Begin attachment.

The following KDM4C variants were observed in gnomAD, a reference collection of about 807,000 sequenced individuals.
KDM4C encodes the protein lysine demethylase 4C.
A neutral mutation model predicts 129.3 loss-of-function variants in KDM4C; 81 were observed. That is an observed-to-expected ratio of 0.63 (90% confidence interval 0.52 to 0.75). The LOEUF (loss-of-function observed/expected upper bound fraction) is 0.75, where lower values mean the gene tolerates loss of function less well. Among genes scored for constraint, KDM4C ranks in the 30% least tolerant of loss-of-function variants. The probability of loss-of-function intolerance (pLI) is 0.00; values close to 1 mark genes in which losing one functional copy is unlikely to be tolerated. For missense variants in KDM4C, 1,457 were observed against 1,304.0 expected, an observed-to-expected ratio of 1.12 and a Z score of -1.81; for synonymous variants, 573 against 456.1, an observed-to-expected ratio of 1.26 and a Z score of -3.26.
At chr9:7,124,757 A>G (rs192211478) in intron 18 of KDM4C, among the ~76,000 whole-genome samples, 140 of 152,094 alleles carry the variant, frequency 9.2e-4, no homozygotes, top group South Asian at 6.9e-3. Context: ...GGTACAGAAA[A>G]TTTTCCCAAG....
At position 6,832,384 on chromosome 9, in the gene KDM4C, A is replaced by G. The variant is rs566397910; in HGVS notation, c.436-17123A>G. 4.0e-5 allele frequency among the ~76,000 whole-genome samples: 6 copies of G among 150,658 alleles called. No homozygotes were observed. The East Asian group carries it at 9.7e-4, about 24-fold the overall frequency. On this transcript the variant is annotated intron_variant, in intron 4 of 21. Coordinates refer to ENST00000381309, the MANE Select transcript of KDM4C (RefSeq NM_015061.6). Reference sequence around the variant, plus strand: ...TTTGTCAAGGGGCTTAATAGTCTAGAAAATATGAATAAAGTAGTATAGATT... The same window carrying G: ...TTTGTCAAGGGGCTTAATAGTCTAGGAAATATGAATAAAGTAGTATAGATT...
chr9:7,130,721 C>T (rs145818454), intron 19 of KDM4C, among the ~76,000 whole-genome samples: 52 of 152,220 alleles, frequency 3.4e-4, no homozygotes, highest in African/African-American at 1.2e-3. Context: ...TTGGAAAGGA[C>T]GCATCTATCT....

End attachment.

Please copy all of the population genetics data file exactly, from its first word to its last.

The following KDM4C variants were observed in gnomAD, a reference collection of about 807,000 sequenced individuals.
KDM4C encodes the protein lysine demethylase 4C.
A neutral mutation model predicts 129.3 loss-of-function variants in KDM4C; 81 were observed. That is an observed-to-expected ratio of 0.63 (90% confidence interval 0.52 to 0.75). The LOEUF (loss-of-function observed/expected upper bound fraction) is 0.75, where lower values mean the gene tolerates loss of function less well. Among genes scored for constraint, KDM4C ranks in the 30% least tolerant of loss-of-function variants. The probability of loss-of-function intolerance (pLI) is 0.00; values close to 1 mark genes in which losing one functional copy is unlikely to be tolerated. For missense variants in KDM4C, 1,457 were observed against 1,304.0 expected, an observed-to-expected ratio of 1.12 and a Z score of -1.81; for synonymous variants, 573 against 456.1, an observed-to-expected ratio of 1.26 and a Z score of -3.26.
At chr9:7,124,757 A>G (rs192211478) in intron 18 of KDM4C, among the ~76,000 whole-genome samples, 140 of 152,094 alleles carry the variant, frequency 9.2e-4, no homozygotes, top group South Asian at 6.9e-3. Context: ...GGTACAGAAA[A>G]TTTTCCCAAG....
At position 6,832,384 on chromosome 9, in the gene KDM4C, A is replaced by G. The variant is rs566397910; in HGVS notation, c.436-17123A>G. 4.0e-5 allele frequency among the ~76,000 whole-genome samples: 6 copies of G among 150,658 alleles called. No homozygotes were observed. The East Asian group carries it at 9.7e-4, about 24-fold the overall frequency. On this transcript the variant is annotated intron_variant, in intron 4 of 21. Coordinates refer to ENST00000381309, the MANE Select transcript of KDM4C (RefSeq NM_015061.6). Reference sequence around the variant, plus strand: ...TTTGTCAAGGGGCTTAATAGTCTAGAAAATATGAATAAAGTAGTATAGATT... The same window carrying G: ...TTTGTCAAGGGGCTTAATAGTCTAGGAAATATGAATAAAGTAGTATAGATT...
chr9:7,130,721 C>T (rs145818454), intron 19 of KDM4C, among the ~76,000 whole-genome samples: 52 of 152,220 alleles, frequency 3.4e-4, no homozygotes, highest in African/African-American at 1.2e-3. Context: ...TTGGAAAGGA[C>T]GCATCTATCT....